Tuesday, August 30, 2011

With Bright Eyes for Style

A woman of style and smiles, Gisela Mann Gierlich
Matt and I are in Mainz, Germany on the Rhine River, visiting our friends, Judith and Christof. They are art lovers and collectors, among their other many wonderful and fascinating interests. So far, it’s been two straight days of art parties; meeting a group of exciting European artists, eating great food, drinking delicious wines, and enjoying a glass or two of Taittinger Rose champagne to start and end the evenings.   
Judith introduced me to her friend, Gisela Mann Gierlich and I saw immediately that she is a woman of great genuine style. Gisela has an interior design business, Domus Einrichtung and Innenarchitektur and she generously agreed to talk with me about her design inspirations and to show me her combination home and interior design office. 

In her living room, Gisela has tones of mauve and soft lavender with a dramatic touch of a bright yellow Venetian glass chandelier.

Her dining room has bright pink and green and a bold pattern. Just like her personal style of dressing, her interiors are feminine, modern with an edge of the unexpected.

Gisela opened all her rooms to me, even her closet, a cozy boudoir with soft puddling curtains covering racks and drawers. It’s intimate and practical at the same time. Chanel, Prada and Gucci are her favorite designers right now with a little bit of H&M. Gisela says she wears everything and has fun mixing designers and expensive with the not so expensive. Eyeglasses designed by Chrome Hearts is a favorite of Karl Lagerfeld, and is also her favorite. 

Gisela's luxurious closet with a fur chair and cool Anthologie Quartett Gabriele floor lamp. 

She wears her clothes for many years. One of her favorite pieces is a Versace leather jacket
given to her twenty years ago by her late husband.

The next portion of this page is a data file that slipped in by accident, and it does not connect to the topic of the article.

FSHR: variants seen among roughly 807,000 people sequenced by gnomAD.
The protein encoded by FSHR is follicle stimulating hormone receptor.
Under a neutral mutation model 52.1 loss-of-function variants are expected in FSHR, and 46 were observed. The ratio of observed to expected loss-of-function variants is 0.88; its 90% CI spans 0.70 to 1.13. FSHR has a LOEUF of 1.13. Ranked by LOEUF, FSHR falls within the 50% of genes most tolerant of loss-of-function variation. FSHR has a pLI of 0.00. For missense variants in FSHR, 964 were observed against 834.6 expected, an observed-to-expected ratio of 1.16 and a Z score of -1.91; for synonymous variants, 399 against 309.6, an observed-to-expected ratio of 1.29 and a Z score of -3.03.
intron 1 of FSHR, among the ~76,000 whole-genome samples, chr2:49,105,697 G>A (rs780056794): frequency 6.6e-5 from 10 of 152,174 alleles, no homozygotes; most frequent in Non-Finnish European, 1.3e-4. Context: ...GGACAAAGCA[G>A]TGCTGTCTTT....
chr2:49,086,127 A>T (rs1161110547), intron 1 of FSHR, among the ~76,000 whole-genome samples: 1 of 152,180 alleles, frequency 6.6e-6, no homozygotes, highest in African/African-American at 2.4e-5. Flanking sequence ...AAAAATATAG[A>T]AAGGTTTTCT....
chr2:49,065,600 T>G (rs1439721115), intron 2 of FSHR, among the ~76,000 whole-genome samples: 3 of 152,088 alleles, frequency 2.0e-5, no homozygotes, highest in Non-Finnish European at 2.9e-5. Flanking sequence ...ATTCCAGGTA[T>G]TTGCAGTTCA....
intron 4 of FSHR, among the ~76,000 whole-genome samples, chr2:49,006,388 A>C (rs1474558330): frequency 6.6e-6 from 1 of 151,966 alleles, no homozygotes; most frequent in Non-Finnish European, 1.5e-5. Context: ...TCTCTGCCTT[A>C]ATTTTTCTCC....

Gisela describes her style as classic, but Judith says she is much more than that. Judith describes Gisella’s style as “extraordinary”. That whether she dresses classic and traditional or sexy and modern, she is always herself, a person with elegance, taste and an open heart.  

Thursday, August 25, 2011

My Mother's Cocktail Dress

My parents, Duffy and Doris, enjoying cocktails sometime in the 50's, somewhere in New Orleans.

As promised, I reached into the back of my closet and pulled out two of my mother's cocktail dresses that I inherited. Both are beautiful LBD's, slim-fitting black crepe with black chiffon beaded necklines. They are the type of dress you can step into, zip up, slip into heels, dab on perfume and you're elegant and ready for a cocktail soiree. Best of all, the dresses fit me perfectly. My mother died when I was eight, so wearing something of hers has great meaning for me and helps me feel close to her.

Trying on one of my mother's cocktail dresses. 

Another of my mother's cocktail dresses, with a beaded
and chiffon bodice. 

Since my family is from New Orleans, you can imagine that cocktails have always been a highlight of fun gatherings. And being such an old traditional city, when I was of age (which can be younger in New Orleans than most cities) I went to the same nightclubs and bars as my grandparents and parents. We've been having cocktails at the Napoleon House for four generations!

My grandmother, Bootsie, and three of her sisters, Myrt, Sis and Dot, made an event of dressing up and going to lunch at the best New Orleans restaurants. They had a ritual of tailgating in the restaurant parking lot before going in. They'd find a shady spot to park, pull out a little ice chest and make Old-Fashioneds. In their thrifty French point-of-view, making their own drinks was a lot cheaper and better than what they got in a restaurant. As a little kid, I loved to be in the car with them, hearing their stories and  laughter. But after the second cocktail Myrt, the matriarch, would say "Ok girls, that's enough, you want to enjoy your lunch." And off we would go to enjoy a fabulous Trout Meuniere, fried soft-shell crab, or some other rich New Orleans specialty. 

Bootsie's Old-Fashioned
Add ice to fill rocks glass halfway, add 1 1/2 ounces bourbon, 1/2 ounce of Bootsie's simple syrup (homemade simple syrup with thin slices of orange peel added to marinate), 1 to 2 orange peel slices and a couple dashes Peychaud bitters and maybe a little water. Take a few sips and begin to tell stories about growing up on the bayou. 

For more stories about enjoying a cocktail or two in New Orleans, "In the Land of Cocktails" is a fun read with great drink recipes. It's written by Ti Adelaide Martin and Lally Brennan, proprietors of one of my favorite restaurants, Commander's Palace (where they serve 25 cent martinis at lunch!). Concerning the Sazerac, Ti gives this savvy advice "Do have just one, as you won't be nearly as attractive as you think you are after two."